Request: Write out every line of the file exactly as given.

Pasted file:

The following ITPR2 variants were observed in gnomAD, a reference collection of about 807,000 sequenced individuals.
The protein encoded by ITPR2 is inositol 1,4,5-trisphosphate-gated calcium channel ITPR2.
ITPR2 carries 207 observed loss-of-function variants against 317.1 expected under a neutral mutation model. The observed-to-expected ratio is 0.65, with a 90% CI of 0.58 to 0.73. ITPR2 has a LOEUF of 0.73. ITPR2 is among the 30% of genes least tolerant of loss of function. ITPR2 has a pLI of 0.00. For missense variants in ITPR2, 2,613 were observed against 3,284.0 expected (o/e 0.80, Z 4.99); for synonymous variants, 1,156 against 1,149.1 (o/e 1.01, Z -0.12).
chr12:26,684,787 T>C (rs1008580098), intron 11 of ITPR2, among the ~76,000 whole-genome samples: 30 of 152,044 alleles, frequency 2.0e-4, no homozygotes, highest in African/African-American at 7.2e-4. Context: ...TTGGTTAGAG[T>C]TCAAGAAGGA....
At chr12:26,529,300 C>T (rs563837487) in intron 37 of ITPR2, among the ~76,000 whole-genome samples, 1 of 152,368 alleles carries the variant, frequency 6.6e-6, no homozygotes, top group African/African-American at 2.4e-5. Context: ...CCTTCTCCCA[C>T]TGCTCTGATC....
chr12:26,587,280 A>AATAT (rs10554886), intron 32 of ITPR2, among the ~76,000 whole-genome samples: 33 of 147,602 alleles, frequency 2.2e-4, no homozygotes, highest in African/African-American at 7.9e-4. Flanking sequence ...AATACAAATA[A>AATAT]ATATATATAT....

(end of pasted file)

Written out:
The following ITPR2 variants were observed in gnomAD, a reference collection of about 807,000 sequenced individuals.
The protein encoded by ITPR2 is inositol 1,4,5-trisphosphate-gated calcium channel ITPR2.
ITPR2 carries 207 observed loss-of-function variants against 317.1 expected under a neutral mutation model. The observed-to-expected ratio is 0.65, with a 90% CI of 0.58 to 0.73. ITPR2 has a LOEUF of 0.73. ITPR2 is among the 30% of genes least tolerant of loss of function. ITPR2 has a pLI of 0.00. For missense variants in ITPR2, 2,613 were observed against 3,284.0 expected (o/e 0.80, Z 4.99); for synonymous variants, 1,156 against 1,149.1 (o/e 1.01, Z -0.12).
chr12:26,684,787 T>C (rs1008580098), intron 11 of ITPR2, among the ~76,000 whole-genome samples: 30 of 152,044 alleles, frequency 2.0e-4, no homozygotes, highest in African/African-American at 7.2e-4. Context: ...TTGGTTAGAG[T>C]TCAAGAAGGA....
At chr12:26,529,300 C>T (rs563837487) in intron 37 of ITPR2, among the ~76,000 whole-genome samples, 1 of 152,368 alleles carries the variant, frequency 6.6e-6, no homozygotes, top group African/African-American at 2.4e-5. Context: ...CCTTCTCCCA[C>T]TGCTCTGATC....
chr12:26,587,280 A>AATAT (rs10554886), intron 32 of ITPR2, among the ~76,000 whole-genome samples: 33 of 147,602 alleles, frequency 2.2e-4, no homozygotes, highest in African/African-American at 7.9e-4. Flanking sequence ...AATACAAATA[A>AATAT]ATATATATAT....